I know that Yosef will come back, and it is this conviction that drives me as I clear off the table and turn to bring the big sack of flour from the storeroom adjoining the house. Turning over in my head, again and again, are the words they used to say to us: "What you would bake, bake; and what you would boil, boil." They are from the holy Torah, and I hum them to a melody I composed after years of overhearing Yosef chanting from the scroll. What you would bake, bake; and what you would boil, boil.

I am heaving the great sack of flour over my shoulder when I remember the conversation I overheard last week by the river, where all the women were doing laundry in preparation for the festival. These outdoor conversations are often quite lively, and I generally prefer to listen quietly from the side. This time it began with Sarah bat Beterah, who tends to be, as is well known, particularly vociferous. About her, the women often say, "For the person seven houses away from her, it is like being next door." She is not just loud; she also speaks with the conviction that she is right, which somehow make her seem even louder. This time by the river was no exception.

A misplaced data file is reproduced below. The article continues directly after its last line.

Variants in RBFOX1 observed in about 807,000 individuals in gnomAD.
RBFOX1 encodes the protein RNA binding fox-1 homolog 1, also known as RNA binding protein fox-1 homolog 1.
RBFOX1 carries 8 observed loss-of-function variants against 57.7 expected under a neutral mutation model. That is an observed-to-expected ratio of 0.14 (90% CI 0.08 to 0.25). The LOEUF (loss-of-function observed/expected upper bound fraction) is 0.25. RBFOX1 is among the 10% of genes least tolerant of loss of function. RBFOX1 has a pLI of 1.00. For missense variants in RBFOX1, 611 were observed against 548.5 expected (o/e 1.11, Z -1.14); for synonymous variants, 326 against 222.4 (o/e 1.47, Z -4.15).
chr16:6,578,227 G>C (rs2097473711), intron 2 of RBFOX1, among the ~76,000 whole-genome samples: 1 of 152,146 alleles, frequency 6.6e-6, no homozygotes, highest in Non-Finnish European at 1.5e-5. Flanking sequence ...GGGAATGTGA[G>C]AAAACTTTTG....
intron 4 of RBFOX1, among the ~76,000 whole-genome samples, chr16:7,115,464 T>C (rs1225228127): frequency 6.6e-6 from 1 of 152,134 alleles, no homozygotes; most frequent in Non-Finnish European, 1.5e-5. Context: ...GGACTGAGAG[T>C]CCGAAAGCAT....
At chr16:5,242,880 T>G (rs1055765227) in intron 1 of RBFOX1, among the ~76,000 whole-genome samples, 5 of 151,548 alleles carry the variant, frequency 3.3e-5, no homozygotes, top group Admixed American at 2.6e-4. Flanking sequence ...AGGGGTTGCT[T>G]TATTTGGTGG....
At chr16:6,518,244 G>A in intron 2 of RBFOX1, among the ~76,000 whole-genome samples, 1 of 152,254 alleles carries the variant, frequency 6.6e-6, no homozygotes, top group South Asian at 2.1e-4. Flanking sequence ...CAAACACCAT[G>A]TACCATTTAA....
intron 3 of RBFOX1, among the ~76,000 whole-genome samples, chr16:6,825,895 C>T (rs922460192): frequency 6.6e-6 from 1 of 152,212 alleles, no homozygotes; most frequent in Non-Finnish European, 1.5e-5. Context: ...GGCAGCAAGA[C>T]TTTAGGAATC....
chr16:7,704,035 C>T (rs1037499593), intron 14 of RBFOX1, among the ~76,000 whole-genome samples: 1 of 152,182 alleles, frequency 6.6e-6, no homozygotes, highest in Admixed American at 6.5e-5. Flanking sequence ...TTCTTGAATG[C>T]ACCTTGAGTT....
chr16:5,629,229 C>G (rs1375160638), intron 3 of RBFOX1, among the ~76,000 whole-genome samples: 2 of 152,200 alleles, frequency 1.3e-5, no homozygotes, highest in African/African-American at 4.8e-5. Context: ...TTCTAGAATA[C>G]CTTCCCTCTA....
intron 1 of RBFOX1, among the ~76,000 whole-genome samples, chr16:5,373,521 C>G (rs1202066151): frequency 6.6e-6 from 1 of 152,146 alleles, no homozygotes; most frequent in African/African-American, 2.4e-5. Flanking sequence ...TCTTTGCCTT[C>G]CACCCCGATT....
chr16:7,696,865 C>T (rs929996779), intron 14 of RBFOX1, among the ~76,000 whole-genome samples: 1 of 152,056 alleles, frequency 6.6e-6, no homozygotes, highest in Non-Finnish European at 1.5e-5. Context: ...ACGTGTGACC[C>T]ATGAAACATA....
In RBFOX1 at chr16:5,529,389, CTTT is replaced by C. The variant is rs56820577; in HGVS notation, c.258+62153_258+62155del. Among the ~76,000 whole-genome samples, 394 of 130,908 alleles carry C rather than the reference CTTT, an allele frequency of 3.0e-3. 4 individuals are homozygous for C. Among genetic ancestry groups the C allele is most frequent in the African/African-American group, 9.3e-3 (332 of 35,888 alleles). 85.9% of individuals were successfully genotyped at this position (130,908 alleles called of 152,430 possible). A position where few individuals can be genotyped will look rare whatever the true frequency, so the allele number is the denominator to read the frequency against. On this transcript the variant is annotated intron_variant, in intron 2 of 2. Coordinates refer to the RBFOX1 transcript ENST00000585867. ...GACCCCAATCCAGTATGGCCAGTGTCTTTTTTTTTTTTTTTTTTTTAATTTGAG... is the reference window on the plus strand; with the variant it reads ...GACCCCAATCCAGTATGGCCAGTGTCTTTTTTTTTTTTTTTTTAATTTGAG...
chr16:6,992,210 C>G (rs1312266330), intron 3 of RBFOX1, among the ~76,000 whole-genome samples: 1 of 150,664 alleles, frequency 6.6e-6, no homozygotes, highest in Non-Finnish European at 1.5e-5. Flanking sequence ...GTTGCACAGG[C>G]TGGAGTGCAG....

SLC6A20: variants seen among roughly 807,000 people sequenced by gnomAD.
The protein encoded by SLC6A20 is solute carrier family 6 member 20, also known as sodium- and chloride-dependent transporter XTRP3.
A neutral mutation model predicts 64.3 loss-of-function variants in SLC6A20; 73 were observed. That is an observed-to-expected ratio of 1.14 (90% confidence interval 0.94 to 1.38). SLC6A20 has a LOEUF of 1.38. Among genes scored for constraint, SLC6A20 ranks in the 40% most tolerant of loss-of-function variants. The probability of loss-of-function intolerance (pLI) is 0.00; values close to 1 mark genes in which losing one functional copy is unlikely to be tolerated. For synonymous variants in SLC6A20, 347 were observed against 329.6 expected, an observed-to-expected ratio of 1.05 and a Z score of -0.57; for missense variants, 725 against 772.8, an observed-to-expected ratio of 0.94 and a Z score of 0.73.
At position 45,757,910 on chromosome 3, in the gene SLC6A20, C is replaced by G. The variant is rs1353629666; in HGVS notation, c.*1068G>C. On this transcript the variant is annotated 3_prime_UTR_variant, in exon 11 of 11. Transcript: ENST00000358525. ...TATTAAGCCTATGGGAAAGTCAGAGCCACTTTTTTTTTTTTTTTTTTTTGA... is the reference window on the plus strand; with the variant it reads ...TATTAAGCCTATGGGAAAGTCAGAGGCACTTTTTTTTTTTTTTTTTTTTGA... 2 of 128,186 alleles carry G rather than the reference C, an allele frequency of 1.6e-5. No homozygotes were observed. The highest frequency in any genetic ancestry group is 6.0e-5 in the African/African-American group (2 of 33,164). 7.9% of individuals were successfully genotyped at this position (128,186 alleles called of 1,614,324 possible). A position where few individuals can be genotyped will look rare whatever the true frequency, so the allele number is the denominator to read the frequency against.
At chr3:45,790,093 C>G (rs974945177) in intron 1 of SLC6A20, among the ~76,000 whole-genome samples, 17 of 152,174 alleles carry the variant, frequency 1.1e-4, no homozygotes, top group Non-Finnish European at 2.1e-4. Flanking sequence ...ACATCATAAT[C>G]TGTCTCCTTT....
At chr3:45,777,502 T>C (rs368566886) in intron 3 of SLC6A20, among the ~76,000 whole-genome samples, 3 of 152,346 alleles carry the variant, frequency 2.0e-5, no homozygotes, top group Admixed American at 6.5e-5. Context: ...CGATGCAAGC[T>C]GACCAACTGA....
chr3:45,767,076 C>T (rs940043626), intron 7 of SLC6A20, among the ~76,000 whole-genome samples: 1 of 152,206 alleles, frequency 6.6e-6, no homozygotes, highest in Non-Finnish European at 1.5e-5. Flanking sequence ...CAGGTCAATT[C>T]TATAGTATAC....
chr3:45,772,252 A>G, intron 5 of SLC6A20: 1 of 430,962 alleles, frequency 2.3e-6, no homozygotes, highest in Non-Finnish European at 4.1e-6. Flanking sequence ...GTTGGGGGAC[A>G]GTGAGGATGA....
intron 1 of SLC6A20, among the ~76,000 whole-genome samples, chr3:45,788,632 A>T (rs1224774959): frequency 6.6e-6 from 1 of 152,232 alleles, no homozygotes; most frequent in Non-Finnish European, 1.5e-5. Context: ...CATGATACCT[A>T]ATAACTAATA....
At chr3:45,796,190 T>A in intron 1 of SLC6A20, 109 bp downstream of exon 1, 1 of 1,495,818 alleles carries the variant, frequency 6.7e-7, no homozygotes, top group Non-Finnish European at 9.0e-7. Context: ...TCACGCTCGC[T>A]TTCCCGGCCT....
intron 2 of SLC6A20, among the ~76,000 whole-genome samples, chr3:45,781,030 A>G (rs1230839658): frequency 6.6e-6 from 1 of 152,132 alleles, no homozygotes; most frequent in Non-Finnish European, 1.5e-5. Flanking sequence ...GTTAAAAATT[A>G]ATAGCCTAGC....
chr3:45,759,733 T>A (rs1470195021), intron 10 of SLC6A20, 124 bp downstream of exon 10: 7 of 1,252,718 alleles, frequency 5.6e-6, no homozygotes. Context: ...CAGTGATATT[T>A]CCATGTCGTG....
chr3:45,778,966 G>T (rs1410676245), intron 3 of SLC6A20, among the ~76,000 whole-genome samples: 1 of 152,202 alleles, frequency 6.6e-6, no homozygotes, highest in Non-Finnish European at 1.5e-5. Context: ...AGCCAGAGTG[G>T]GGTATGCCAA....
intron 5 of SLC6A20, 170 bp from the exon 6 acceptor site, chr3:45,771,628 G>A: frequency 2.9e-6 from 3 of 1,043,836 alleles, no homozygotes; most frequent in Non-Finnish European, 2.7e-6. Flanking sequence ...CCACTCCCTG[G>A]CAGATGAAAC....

"Now I know it for sure. You cannot resift flour on the festival. I remember the bread we ate in the Sukkah when I was a child. It was always thicker and denser from having undergone just one sifting."

Leah bat Shelah would not hear of it, however. She stood up before Sarah, lifted her right foot on an overturned bucket that was beside her, and declared, "That's nonsense. Whoever heard of baking bread without resifting the flour? If you can bake bread, then of course you can resift. It's part and parcel of the process. What, are you going to tell me that you can cut off the head of a chicken but not kill it? If you are going to bake bread, you are going to resift the flour."

At that point, as I recall, Sarah told Leah that she was as foolish as a headless chicken, and that she should go stuff herself with breadcrumbs. Leah went off in a huff, and the women returned to their laundering.